Pope Francis wrapped up his first trip to Asia on Monday by challenging Koreans —from the North and the South — to reject the "mindset of suspicion and confrontation" that clouds their relations and find new ways to forge peace on the war-divided peninsula.
Before boarding a plane back to Rome, the pope held a Mass of reconciliation at Seoul's main cathedral, attended by South Korean President Park Geun-hye as well as some North Korean defectors. It was the final event of a five-day trip that confirmed the importance of Asia for this papacy and for the Catholic Church as a whole, given the church is young and growing here whereas it is withering in traditionally Christian lands in Europe.
Francis' plea for peace came as the United States and South Korea started a joint military drill that North Korea warned would result in a "merciless pre-emptive strike" against the allies.
In a poignant moment at the start of the Mass on Monday, Francis bent down and greeted seven women, many sitting in wheelchairs, who were forced into sexual slavery by the Japanese military during World War II. One gave him a pin of a butterfly — a symbol of these "comfort women's" plight — which he immediately pinned to his vestments and wore throughout the Mass.
Francis said in his homily that reconciliation can be brought about only by forgiveness, even if it seems "impossible, impractical and even at times repugnant."
"Let us pray, then, for the emergence of new opportunities for dialogue, encounter and the resolution of differences, for continued generosity in providing humanitarian assistance to those in need, and for an ever greater recognition that all Koreans are brothers and sisters, members of one family, one people," he said.
During his trip the pope reached out to China, North Korea and a host of other countries that have no relations with the Holy See.
The pope will visit the Philippines in January, along with Sri Lanka. In Seoul on Monday, Cardinal Luis Antonio Tagle, the archbishop of Manila, said Francis is offering "a friendly hand to the other countries, and assuring the countries we are not here for any worldly ambition, we are not here as conquerors, we are here as brothers and sisters."
Francis laid out these themes from the start of his visit, which was clouded by the firing of five rockets from Pyongyang into the sea. North Korea later said the test firings had nothing to do with Francis' arrival but rather commemorated the 69th anniversary of Korea's independence from Japanese occupation.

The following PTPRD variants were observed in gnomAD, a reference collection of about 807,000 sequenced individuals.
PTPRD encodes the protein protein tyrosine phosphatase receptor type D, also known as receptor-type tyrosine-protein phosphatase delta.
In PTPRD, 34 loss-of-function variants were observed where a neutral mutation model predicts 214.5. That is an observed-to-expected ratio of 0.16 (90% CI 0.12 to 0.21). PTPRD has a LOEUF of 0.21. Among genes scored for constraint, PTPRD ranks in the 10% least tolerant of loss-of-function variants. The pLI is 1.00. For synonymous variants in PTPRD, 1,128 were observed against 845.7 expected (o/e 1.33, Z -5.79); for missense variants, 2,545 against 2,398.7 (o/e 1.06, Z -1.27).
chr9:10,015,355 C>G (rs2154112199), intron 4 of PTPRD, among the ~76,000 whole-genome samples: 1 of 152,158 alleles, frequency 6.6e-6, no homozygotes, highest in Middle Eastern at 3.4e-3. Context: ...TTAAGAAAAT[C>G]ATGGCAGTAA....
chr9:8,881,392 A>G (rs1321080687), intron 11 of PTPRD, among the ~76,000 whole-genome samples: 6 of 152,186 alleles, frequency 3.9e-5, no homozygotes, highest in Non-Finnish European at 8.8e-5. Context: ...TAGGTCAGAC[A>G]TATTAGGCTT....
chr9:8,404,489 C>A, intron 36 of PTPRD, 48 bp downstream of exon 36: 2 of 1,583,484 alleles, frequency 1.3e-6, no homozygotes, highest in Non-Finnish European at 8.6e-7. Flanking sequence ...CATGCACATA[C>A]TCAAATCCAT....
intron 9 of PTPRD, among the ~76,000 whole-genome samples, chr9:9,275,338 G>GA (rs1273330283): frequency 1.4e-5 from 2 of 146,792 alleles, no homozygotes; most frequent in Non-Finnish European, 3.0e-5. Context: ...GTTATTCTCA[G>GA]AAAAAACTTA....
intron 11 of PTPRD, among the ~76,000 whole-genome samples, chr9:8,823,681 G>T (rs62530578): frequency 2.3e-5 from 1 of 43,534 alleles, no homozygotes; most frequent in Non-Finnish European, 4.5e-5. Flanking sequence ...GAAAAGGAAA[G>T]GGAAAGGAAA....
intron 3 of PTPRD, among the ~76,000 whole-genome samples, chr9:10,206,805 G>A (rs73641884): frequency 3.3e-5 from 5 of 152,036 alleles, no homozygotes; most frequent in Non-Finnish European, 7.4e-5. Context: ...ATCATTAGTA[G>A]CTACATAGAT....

The U.S.-South Korean military exercises starting Monday and involving tens of thousands of troops are described by the allies as routine and defensive, but Pyongyang sees them as invasion preparation. A spokesman for the North Korean army's general staff said in a statement Sunday carried by state media that a "most powerful and advanced merciless pre-emptive strike will start any time chosen by us."
Such rhetoric is typical from the North and direct strikes by Pyongyang are rare, although attacks blamed on the North in 2010 killed 50 South Koreans.
Before the Mass, Seoul Cardinal Andrew Yeom Soo-jung dedicated a "crown of thorns" to the pope made from barbed wire taken from the heavily fortified demilitarized zone separating the two Koreas. "Ut unum sint" reads the inscription "That they may be one" — a phrase usually invoked when praying for unity among Catholics, Orthodox and other Christians but given an entirely new meaning in the Korean context.
In his homily, Francis said the Korean people knew well the pain of division and conflict and urged them to reflect on how they individually and as a people could work to reconcile.
He challenged them to "firmly reject a mindset shaped by suspicion, confrontation and competition, and instead to shape a culture formed by the teaching of the Gospel and the noblest traditional values of the Korean people."
When he was a young Jesuit, the Argentine-born Francis had wanted to be a missionary in Asia but was kept home because of poor health. He used his trip to South Korea to rally young Asians in particular to take up the missionary call to spread the faith.
He also used the trip to console Koreans: He met on several occasions with relatives of victims of the Sewol ferry sinking, in which 300 people were killed in April. Throughout his trip, he wore a yellow pin on his cassock that was given to him by the families.
On Monday, he received the butterfly pin from Kim Bok-dong, one of the "comfort women" who attended his Mass. These elderly South Koreans, many of whom regularly appear at rallies and other high-profile events, are looking for greater global attention as they push Japan for a new apology and compensation.
In an interview with The Associated Press before the Mass, another one of the women, Lee Yong-soo, who often speaks to the media, said she hoped the meeting would provide some solace for the pain she and others still feel more than seven decades after they were violated.
AP writer Foster Klug and video editor Kiko Rosario contributed to this story from Seoul.
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